“It starts with on-the-ground evaluations of the electrical system to ensure the B61-12 communicates with the aircraft and usually concludes with a flight test at Tonopah Test Range,” Rich said. “We learn a lot from both flight and ground tests. We want to make sure we understand everything before we fly, and a flight test is a final proof that in the combined environments the B61-12 operates as expected.”

Exceptional service in the national interest

Jim, who has led the B61-12 program at Sandia for 11 years, said the scope of the program presented challenges and opportunities that helped the Labs rejuvenate its weapons modernization capabilities.

“Sandia hadn’t had this level of work in a modernization program for two decades, so there was a lot of work to relearn and reconstitute this capability,” Jim said. “We instituted earned-value management at a level that had never been done before on a nuclear weapons system, we built up an assembly operation the lab hadn’t seen in decades and set up environmental testing facilities important for the success of the program.”

Jim said participation in successful flight and lab tests were great growth opportunities for staff in terms of learning how to realize weapons systems, and that the commitment of the staff was critical to the success of the program.

Image of Sandia engineer uses Davis gun to perform final check on assembly of mock B61-12
DAVIS GUN — In a photo from 2015, Tyler Keil, Sandia lead engineer for an impact test series using Sandia’s Davis gun, performs a final diagnostics check on a data recorder for an impact test on the nose assembly of a mock B61-12, mounted on an aluminum tube to replicate the body of the bomb. Data gathered from the test is helping analysts calibrate computer models. (Photo by Randy Montoya from the archives)

“For a lot of people, it’s been a significant commitment, both professionally and personally, to be able to get this work done in the timeframe and manner that the nation needs. Everybody who has worked on this program is to be commended for the efforts, contributions and sacrifices they’ve made to make it successful.”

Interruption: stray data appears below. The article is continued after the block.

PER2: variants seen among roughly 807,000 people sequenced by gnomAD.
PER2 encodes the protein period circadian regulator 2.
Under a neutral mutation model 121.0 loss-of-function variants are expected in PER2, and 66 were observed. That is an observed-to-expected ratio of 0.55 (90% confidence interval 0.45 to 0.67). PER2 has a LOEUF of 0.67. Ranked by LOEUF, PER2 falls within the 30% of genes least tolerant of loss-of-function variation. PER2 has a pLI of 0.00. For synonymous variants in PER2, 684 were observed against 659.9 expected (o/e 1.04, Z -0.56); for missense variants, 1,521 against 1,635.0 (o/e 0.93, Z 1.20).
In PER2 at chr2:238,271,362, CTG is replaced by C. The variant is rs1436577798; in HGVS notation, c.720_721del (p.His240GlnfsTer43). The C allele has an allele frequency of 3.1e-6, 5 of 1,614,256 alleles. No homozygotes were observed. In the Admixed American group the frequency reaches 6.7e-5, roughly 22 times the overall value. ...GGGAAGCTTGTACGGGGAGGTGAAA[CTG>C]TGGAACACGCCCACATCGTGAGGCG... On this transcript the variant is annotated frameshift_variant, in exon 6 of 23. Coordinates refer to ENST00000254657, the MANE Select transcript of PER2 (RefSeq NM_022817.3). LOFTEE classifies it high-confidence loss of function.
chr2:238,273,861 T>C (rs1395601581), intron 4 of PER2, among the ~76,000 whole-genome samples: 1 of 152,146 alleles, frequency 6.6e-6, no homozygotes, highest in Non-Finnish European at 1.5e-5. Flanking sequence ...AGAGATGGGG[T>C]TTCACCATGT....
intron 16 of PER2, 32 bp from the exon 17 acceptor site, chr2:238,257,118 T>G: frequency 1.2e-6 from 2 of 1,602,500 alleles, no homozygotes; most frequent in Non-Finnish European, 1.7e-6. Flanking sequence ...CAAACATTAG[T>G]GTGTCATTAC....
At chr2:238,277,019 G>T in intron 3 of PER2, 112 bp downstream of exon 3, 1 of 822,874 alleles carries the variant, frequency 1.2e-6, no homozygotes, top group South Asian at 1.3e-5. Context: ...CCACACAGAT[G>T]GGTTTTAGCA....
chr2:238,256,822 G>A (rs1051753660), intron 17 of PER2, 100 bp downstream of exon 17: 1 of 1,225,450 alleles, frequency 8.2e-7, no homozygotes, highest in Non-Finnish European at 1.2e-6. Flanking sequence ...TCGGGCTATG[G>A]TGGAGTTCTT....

Matt has worked on the B61-12 at Sandia since the program began. He said he has stayed on the program because he believes the work is important for the security of the nation and the engineering challenges have been exciting to solve.

“It’s been a once-in-a-career type of experience,” Matt said. “When you can take a concept for a weapon that you developed on paper and presentation slides, and then be able to turn that into actual hardware that functions as designed, that’s really rewarding.”

Matt recalled the first end-to-end laboratory test and the first flight during the program as being big accomplishments on the way to the first production unit milestone.

“We worked together for years wringing out all of the bugs in the system in the lab before we got to that first flight test off of an F-15E,” Matt said. “There was a huge sense of accomplishment for the entire team to see everything we’ve worked on finally come together and function as designed. There’s been a lot of examples like that on the program, where the team is working to accomplish a major milestone for a long period of time and then that tremendous sense of accomplishment when you finally get there.”

For David, working on the B61 runs in the family. His father, Karl Wiegandt, started working at Sandia in 1968 and supported B61 modifications — believed to be B61-1 — as his first program out of school. He performed mechanical drafting for flight test sensing and the handling equipment, or H-Gear, before moving to another weapon system.

“There’s something really special about this program, the people, the morale and the legacy,” David said. “It has really solid team members who believe in how to do sound engineering and really bring the future of safety and security into modern nuclear weapons. That culture is infectious and has drawn a lot of people to it.”

Rich said he’s proud of the work the team, current and past members, has done to achieve this milestone and modernize the B61 for the nation.

“This is a critical element of the nation’s nuclear deterrent, and I’m proud to be part of the team delivering on the common goal of completing the first production unit,” Rich said. “This is not an end; it’s the beginning of production. We’ve designed, tested and proved this completely refurbished B61, and now it’s ready for the transition to full-scale production.”